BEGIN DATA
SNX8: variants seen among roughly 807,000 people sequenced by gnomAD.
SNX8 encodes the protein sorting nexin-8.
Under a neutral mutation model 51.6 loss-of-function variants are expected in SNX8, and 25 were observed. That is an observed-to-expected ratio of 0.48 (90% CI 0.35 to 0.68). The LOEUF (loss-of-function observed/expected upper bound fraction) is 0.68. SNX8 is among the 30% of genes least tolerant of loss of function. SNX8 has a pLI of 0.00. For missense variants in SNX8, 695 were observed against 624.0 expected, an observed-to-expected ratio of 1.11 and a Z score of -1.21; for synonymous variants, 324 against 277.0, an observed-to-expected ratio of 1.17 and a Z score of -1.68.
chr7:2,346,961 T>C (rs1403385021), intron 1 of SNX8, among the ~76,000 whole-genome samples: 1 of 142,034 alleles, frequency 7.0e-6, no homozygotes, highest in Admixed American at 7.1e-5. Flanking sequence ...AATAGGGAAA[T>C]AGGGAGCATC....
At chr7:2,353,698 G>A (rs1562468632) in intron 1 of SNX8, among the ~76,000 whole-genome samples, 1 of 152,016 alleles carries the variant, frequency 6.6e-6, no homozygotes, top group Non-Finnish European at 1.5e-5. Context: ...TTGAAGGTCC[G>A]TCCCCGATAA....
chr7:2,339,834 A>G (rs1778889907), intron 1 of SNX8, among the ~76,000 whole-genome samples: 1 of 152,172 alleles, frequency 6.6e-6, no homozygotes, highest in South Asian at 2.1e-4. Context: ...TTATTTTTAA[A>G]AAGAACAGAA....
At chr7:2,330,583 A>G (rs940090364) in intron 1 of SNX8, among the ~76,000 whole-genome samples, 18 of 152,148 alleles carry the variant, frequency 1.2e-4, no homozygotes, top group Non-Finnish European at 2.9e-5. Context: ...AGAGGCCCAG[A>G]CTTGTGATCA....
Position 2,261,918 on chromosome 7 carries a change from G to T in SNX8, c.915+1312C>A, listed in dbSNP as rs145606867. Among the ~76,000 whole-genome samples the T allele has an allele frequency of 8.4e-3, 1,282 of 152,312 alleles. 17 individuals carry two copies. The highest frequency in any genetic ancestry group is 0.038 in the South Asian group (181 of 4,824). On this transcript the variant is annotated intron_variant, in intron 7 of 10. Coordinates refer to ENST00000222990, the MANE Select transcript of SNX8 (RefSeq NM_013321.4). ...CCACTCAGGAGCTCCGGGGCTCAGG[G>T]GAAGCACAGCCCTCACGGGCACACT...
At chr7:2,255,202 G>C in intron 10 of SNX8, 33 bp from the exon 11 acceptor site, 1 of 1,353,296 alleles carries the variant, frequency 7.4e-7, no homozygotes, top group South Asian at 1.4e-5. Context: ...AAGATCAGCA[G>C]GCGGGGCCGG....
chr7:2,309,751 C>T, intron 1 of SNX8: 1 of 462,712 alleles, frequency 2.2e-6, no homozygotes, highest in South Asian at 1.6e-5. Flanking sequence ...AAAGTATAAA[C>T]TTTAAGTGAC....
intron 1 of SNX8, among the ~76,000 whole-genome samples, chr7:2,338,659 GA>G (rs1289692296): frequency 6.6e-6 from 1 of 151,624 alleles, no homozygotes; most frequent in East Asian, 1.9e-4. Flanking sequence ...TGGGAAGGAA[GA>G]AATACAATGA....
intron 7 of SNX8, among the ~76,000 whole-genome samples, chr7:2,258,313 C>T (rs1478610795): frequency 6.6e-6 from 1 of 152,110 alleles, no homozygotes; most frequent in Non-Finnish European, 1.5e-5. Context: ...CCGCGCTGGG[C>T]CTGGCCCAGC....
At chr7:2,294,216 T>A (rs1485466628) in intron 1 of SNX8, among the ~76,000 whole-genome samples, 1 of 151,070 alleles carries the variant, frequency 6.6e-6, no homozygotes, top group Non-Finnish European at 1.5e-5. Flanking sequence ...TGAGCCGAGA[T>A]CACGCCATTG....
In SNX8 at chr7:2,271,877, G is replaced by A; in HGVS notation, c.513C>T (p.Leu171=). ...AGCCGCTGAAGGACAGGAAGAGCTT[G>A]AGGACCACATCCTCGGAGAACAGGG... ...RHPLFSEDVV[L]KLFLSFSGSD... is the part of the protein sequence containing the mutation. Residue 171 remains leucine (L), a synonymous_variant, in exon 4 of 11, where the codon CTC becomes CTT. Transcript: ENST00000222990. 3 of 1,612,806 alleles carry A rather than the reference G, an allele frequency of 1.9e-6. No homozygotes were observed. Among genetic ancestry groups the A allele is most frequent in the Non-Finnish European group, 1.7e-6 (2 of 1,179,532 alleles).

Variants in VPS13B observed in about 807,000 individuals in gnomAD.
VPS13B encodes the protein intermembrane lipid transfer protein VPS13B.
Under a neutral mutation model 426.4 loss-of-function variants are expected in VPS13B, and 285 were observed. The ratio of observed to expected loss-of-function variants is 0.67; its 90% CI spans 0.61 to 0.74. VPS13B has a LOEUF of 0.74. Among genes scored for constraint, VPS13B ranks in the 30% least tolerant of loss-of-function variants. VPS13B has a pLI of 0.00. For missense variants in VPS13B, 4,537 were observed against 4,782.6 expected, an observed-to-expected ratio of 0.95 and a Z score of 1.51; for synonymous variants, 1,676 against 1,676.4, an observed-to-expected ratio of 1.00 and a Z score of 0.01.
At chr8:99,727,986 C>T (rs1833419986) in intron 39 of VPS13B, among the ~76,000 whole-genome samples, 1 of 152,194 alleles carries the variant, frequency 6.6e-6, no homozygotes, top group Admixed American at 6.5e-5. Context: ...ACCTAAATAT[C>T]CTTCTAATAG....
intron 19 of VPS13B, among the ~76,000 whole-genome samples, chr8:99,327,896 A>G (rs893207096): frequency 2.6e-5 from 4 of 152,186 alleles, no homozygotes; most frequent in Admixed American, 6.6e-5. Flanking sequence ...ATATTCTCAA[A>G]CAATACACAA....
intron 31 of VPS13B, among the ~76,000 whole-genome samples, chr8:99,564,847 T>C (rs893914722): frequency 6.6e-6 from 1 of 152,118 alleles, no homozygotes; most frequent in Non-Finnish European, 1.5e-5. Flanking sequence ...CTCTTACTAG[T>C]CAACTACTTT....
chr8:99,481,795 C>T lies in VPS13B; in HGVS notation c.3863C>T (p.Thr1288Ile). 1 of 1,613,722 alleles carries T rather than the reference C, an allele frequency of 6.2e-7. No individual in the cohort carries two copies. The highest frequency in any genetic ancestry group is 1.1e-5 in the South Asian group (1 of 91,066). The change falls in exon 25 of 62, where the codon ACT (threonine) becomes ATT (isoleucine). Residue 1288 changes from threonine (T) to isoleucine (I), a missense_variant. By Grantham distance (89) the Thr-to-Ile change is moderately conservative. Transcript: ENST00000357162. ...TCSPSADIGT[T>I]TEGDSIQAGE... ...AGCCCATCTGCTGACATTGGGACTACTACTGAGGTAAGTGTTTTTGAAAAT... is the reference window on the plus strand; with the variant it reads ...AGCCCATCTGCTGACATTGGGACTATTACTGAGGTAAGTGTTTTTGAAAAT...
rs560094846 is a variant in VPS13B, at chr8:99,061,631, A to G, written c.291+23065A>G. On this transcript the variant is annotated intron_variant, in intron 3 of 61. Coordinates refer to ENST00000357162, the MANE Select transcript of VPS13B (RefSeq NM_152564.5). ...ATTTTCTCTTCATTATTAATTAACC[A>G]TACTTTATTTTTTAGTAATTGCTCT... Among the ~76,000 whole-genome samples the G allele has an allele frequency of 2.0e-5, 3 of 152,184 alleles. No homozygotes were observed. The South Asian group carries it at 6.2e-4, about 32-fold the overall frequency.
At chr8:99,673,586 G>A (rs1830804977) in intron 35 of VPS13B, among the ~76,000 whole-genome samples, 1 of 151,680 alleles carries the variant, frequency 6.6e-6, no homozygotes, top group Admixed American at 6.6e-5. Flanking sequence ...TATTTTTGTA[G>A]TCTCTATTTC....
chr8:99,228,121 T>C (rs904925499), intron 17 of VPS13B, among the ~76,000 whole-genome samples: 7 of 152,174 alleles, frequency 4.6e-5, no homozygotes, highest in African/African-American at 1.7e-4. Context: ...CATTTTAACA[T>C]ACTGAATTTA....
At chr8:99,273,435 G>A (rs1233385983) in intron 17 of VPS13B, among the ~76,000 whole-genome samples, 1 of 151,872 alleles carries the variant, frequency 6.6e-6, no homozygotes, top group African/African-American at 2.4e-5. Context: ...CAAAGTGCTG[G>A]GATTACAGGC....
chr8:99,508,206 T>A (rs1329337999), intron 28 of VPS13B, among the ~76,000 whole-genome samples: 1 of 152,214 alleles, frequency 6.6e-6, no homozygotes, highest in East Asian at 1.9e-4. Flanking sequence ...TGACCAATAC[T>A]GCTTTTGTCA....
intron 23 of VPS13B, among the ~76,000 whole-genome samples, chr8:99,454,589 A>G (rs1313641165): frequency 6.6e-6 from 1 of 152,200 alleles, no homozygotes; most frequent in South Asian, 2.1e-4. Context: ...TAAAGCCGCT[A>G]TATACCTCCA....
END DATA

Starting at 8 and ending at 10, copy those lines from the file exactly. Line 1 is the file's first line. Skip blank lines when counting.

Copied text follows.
Position 2,261,918 on chromosome 7 carries a change from G to T in SNX8, c.915+1312C>A, listed in dbSNP as rs145606867. Among the ~76,000 whole-genome samples the T allele has an allele frequency of 8.4e-3, 1,282 of 152,312 alleles. 17 individuals carry two copies. The highest frequency in any genetic ancestry group is 0.038 in the South Asian group (181 of 4,824). On this transcript the variant is annotated intron_variant, in intron 7 of 10. Coordinates refer to ENST00000222990, the MANE Select transcript of SNX8 (RefSeq NM_013321.4). ...CCACTCAGGAGCTCCGGGGCTCAGG[G>T]GAAGCACAGCCCTCACGGGCACACT...
At chr7:2,255,202 G>C in intron 10 of SNX8, 33 bp from the exon 11 acceptor site, 1 of 1,353,296 alleles carries the variant, frequency 7.4e-7, no homozygotes, top group South Asian at 1.4e-5. Context: ...AAGATCAGCA[G>C]GCGGGGCCGG....
chr7:2,309,751 C>T, intron 1 of SNX8: 1 of 462,712 alleles, frequency 2.2e-6, no homozygotes, highest in South Asian at 1.6e-5. Flanking sequence ...AAAGTATAAA[C>T]TTTAAGTGAC....